Here are some samples of the Chinese markings from the publisher. They probably read, "This American book looks nutty, but it's ready to go to press."

Finally, here's the whole book wrapped up. She's a beast!


Friday, March 20, 2009

Guest Strip on The Daily Cross Hatch

Check it out:



Big Funny: Deadline MAY 1

So I was over at the watercooler today, and a co-worker leans over his cubicle wall and says, "Hey Kev, what's this 'BIG FUNNY' all the kids are talking about?" So I say, "Well, Doug, check the BTA blog in a few minutes and I'll tell you!"

So here's the scoop:

Minneapolis cartoonists have a tradition of curating a yearly show at the Altered Esthetics gallery in Nordeast Minneapolis. Last year we mounted Lutefisk Sushi: Volume C, which was a huge hit, had a ton of great contributors, and had an absolutely packed opening night party.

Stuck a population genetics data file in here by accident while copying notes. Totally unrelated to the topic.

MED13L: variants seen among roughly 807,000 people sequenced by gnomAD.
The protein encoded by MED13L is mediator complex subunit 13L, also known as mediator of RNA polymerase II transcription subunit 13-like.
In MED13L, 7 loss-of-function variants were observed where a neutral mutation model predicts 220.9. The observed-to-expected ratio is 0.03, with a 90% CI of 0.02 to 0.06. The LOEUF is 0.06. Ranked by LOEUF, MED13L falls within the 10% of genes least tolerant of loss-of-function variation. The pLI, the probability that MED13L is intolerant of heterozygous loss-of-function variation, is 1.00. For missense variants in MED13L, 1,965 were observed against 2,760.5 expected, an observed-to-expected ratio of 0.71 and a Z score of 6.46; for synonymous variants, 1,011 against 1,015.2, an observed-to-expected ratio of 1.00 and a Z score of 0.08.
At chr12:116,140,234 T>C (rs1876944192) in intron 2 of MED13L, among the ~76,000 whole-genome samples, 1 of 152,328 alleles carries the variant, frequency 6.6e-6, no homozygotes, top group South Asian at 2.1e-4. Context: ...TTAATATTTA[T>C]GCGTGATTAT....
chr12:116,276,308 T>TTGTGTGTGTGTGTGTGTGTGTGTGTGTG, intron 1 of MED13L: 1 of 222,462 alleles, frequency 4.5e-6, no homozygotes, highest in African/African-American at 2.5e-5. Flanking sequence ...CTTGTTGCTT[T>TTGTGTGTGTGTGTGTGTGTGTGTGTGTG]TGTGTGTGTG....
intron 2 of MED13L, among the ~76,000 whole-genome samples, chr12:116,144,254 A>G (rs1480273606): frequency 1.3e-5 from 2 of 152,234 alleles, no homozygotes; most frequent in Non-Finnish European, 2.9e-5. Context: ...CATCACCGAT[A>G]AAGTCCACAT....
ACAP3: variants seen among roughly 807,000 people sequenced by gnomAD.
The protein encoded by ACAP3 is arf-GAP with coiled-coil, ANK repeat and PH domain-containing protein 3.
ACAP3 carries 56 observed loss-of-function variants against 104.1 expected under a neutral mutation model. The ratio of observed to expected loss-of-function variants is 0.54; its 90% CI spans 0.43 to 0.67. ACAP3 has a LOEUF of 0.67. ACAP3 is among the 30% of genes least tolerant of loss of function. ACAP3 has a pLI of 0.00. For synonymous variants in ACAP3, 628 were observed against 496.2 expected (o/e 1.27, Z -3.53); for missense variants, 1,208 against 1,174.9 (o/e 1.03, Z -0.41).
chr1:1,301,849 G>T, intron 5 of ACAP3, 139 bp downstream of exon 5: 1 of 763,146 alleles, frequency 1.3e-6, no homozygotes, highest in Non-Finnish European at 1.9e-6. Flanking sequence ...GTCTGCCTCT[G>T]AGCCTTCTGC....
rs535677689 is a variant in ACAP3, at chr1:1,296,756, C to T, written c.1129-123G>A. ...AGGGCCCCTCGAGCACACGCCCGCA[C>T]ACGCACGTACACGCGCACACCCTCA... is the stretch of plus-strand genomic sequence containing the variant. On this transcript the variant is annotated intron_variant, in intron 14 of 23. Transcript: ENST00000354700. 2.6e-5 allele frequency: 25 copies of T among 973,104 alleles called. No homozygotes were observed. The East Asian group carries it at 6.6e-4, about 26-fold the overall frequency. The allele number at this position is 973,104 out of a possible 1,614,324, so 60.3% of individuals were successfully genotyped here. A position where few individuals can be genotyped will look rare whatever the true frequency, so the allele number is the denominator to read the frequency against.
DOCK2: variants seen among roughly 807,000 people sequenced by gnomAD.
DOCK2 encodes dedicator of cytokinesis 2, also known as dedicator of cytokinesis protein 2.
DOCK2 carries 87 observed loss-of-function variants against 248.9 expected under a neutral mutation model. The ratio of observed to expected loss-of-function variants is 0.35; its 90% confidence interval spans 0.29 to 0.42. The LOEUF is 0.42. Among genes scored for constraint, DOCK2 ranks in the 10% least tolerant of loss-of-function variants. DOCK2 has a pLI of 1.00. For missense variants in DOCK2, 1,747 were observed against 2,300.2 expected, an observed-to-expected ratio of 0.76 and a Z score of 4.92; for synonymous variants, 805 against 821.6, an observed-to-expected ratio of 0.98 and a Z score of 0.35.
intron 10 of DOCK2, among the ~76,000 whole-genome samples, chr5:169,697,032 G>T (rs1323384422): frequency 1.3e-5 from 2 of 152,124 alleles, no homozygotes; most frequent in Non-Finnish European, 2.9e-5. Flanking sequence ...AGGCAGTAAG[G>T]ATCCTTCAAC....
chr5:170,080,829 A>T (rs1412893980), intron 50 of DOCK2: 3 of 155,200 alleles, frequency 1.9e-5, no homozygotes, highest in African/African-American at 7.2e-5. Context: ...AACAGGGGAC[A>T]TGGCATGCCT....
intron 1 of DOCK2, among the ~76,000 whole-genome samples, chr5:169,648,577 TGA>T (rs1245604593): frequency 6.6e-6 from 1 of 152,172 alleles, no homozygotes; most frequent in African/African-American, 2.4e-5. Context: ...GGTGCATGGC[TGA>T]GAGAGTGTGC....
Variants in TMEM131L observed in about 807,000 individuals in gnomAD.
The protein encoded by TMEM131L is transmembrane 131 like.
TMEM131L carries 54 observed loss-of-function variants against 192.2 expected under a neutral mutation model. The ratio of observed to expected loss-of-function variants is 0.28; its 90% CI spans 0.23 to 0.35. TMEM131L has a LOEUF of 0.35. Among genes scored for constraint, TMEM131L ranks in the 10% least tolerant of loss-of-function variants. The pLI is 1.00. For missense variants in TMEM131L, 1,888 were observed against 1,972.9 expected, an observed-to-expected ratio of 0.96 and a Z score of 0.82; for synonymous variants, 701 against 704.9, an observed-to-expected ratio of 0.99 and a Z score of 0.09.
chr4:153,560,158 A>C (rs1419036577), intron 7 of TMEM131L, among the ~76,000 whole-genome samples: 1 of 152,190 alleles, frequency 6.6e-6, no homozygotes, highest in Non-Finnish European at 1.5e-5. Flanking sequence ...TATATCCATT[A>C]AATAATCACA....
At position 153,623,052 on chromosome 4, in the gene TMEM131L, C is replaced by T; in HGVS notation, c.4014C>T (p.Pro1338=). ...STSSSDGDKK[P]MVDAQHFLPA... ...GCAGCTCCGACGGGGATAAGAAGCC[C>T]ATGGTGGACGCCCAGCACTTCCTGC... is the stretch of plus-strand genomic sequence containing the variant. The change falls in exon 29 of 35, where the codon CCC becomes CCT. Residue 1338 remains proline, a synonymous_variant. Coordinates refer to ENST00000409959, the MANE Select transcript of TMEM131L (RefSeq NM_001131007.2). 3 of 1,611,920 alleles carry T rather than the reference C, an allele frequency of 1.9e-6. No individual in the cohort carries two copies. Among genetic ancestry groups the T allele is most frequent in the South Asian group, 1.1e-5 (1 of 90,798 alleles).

This August we're doing something a little different: Big Funny, a nod to the glorious & wacky full page (and often full color) newspaper comics of the turn of the century). Where Lutefisk Sushi asked participants to create mini-comics and gathered them all up in a BOX, Big Funny is asking people to draw a 15.5"w x 20"h comic strip (color or bw) which will then be printed in a big fat NEWSPAPER.

The Big Funny gallery show this August will have original art from the Big Funny newspaper, as well as vintage turn o' the century comics (thanks to collector extraordinaire Steve Stwalley). You'll also be able to get your hands on the Big Funny newspaper -- right now we're thinking it'll be 48 pages.

Interested in having your cartoon grace one of those pages? Here's a quick guide to get you started:

  1. Read through www.cartoonistconspiracy.com/bigfunny. That should answer most of your questions.